Don’t compare Venezuela Demonetization with India

The Venezuela government announced the demonetization of its largest currency bill of 100 Bolivar (worth 10 USD) in the second week of December 2016. This led to huge chaos in the South American nation as the President Nicolas Maduro had given only 72-hours of deposit of the demonetized currency; interestingly 40% of the population are not connected to the banking system. Some media reports have compared this with the demonetization in India, comparing the queues and chaos. So I am only here to say one thing in this post “Don’t compare demonetization in Venezuela with India”. I will present few facts which will clear the myth about the demonetization drive about India and Venezuela.


Venezuela Demonetization

Venezuela demonetization exercise: – Dont Compare with India


A Quick take on Venezuela


Venezuela is a South American Nation bordering Columbia and Brazil, and sea facing towards the United States of America. One of the world’s first countries to get independence from colonization fully in 1830, it was occupied by Spanish conquest in 1522 making Spanish the official language of Venezuela.


In 1910s, the country discovered oil, making the country really rich with investments from foreign players like Standard Oil and Royal Dutch Shell. With an increase in revenue accounting to close to 70% of the total exports of Venezuela, the country wanted to become a developed nation with the principle of “Sow the Oil” put forth by their intellectual leader Arturo Uslar Pietri in 1936. But when the revenues started to dominate the country, instead of following this principle to develop new avenues of revenue, the country decided to nationalize oil assets in the country, started bringing in socialist schemes like providing basic health care, cheap fuel, subsidized fuel, etc.…. While this was possible till 1982, when the world suffered an oil glut resulting in decline of fuel prices, the country’s infrastructure projects were halted, ran into severe debt but still continued with its socialist schemes. Many corrupt government officials funnelled out enough money from the revenues generated from oil, leaving ash for the citizens. While the situation tends to stable in 2002-03 when oil prices were high, but lack of government efforts to develop new revenue streams made it an extremely oil dependent economy (96%) and rest four per-cent for other exports. Fuel prices touched an all-time low of $28 in 2015-16, making the economy more crippled, increased the inflation (326%) and on the verge of default.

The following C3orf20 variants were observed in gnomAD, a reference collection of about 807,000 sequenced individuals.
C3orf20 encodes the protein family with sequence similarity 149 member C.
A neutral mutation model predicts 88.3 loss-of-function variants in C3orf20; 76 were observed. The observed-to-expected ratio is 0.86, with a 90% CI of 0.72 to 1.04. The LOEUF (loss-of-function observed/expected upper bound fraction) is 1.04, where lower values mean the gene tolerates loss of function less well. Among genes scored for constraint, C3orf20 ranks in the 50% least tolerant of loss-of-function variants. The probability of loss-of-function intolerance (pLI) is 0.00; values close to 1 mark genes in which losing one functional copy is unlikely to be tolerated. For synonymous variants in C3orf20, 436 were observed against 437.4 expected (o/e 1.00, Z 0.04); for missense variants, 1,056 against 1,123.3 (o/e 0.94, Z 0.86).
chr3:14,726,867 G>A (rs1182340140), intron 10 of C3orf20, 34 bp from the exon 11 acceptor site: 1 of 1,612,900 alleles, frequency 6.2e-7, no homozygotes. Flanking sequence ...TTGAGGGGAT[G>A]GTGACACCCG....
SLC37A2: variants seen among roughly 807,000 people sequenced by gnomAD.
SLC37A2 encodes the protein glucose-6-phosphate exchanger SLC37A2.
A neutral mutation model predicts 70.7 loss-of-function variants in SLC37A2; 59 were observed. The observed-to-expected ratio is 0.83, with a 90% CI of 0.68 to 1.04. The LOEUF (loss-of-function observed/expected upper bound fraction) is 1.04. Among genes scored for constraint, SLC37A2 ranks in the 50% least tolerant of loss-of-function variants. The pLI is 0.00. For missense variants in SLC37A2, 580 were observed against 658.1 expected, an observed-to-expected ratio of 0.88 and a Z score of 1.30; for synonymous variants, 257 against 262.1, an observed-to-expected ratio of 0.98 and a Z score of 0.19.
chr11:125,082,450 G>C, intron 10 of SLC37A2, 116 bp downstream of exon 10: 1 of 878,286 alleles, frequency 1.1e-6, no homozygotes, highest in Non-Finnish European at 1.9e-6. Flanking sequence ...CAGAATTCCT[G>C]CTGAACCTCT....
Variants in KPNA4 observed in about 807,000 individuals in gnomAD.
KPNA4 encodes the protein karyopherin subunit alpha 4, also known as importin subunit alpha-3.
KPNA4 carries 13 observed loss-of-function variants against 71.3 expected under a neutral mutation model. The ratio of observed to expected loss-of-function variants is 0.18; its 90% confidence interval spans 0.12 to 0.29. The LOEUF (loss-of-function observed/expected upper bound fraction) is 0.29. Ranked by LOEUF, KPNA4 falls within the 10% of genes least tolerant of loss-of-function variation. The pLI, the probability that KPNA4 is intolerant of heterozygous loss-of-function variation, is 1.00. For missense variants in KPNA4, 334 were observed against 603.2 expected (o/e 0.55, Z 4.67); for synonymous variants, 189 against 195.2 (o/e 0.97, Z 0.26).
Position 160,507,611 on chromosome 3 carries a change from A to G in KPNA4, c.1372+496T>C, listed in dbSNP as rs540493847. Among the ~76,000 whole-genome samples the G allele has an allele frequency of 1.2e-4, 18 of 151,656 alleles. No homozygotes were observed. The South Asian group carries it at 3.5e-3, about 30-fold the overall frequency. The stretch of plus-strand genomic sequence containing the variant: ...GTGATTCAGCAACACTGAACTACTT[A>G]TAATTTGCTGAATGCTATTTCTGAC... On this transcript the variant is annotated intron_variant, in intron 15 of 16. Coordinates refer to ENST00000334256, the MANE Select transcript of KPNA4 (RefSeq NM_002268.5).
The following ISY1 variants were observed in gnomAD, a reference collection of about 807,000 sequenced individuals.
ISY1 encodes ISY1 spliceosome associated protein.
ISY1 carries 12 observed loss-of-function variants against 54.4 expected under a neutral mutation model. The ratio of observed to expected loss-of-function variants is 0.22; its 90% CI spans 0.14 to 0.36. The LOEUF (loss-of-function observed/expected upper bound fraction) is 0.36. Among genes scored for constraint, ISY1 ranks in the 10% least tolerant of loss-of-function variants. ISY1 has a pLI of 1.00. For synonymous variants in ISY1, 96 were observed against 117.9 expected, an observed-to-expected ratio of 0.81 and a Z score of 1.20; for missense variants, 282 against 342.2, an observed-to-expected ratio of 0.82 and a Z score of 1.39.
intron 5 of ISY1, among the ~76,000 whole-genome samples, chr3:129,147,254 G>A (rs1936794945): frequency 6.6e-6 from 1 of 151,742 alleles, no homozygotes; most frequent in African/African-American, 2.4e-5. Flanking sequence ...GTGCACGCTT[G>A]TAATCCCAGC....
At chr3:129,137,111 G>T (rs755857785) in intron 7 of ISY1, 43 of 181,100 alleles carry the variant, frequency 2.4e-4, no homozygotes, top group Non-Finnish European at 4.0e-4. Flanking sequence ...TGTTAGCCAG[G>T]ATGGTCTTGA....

The South American nation is the most gifted nation in the world. Venezuela is not only gifted with world’s highest oil reserves (300,000 million of barrels) and eighth largest gas reserves, but also with beautiful snow-capped mountains, Caribbean beaches, beautiful deserts and highly fertile land. It has the resources to tap and become the world’s most powerful nation, low population (30 million), but it figures itself in the bottom 5 of ease to do business index in the world. With less farms in action today, thanks to highly subsidized food provided by the government, people feel imported food items are cheaper rather processing them in the country. Tourism can be developed, thanks to the gifted beautiful environment, but the streets are filled with goons fearing loot and murder, making no tourist to dare visit the country.


Demonetization of Venezuela